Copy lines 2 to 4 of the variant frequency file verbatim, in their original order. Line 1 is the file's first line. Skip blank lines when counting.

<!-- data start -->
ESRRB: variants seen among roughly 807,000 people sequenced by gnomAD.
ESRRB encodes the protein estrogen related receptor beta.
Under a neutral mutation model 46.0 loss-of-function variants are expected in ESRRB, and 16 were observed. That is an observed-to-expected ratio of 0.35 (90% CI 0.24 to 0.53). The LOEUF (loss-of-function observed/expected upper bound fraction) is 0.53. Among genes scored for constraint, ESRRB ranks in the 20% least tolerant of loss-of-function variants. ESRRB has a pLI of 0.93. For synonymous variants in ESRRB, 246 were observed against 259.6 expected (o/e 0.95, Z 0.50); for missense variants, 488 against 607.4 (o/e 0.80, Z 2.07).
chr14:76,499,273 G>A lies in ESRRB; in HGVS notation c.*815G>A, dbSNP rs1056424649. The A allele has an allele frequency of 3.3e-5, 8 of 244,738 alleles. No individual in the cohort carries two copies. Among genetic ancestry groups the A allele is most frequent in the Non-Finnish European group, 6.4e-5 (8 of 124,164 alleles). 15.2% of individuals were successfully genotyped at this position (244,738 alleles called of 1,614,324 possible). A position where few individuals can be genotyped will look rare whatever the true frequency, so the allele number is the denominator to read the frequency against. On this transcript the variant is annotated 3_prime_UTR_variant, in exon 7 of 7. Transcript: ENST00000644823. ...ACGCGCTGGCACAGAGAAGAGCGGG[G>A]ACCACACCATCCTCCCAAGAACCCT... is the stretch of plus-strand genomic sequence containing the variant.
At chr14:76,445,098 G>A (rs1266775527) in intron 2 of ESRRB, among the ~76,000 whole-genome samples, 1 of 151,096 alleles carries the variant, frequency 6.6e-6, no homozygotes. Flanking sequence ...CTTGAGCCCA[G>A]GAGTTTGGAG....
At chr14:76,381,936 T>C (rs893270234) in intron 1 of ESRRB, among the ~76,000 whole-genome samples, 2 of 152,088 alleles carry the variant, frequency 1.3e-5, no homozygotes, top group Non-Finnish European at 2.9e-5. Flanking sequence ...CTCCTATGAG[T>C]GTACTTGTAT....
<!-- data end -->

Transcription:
ESRRB encodes the protein estrogen related receptor beta.
Under a neutral mutation model 46.0 loss-of-function variants are expected in ESRRB, and 16 were observed. That is an observed-to-expected ratio of 0.35 (90% CI 0.24 to 0.53). The LOEUF (loss-of-function observed/expected upper bound fraction) is 0.53. Among genes scored for constraint, ESRRB ranks in the 20% least tolerant of loss-of-function variants. ESRRB has a pLI of 0.93. For synonymous variants in ESRRB, 246 were observed against 259.6 expected (o/e 0.95, Z 0.50); for missense variants, 488 against 607.4 (o/e 0.80, Z 2.07).
chr14:76,499,273 G>A lies in ESRRB; in HGVS notation c.*815G>A, dbSNP rs1056424649. The A allele has an allele frequency of 3.3e-5, 8 of 244,738 alleles. No individual in the cohort carries two copies. Among genetic ancestry groups the A allele is most frequent in the Non-Finnish European group, 6.4e-5 (8 of 124,164 alleles). 15.2% of individuals were successfully genotyped at this position (244,738 alleles called of 1,614,324 possible). A position where few individuals can be genotyped will look rare whatever the true frequency, so the allele number is the denominator to read the frequency against. On this transcript the variant is annotated 3_prime_UTR_variant, in exon 7 of 7. Transcript: ENST00000644823. ...ACGCGCTGGCACAGAGAAGAGCGGG[G>A]ACCACACCATCCTCCCAAGAACCCT... is the stretch of plus-strand genomic sequence containing the variant.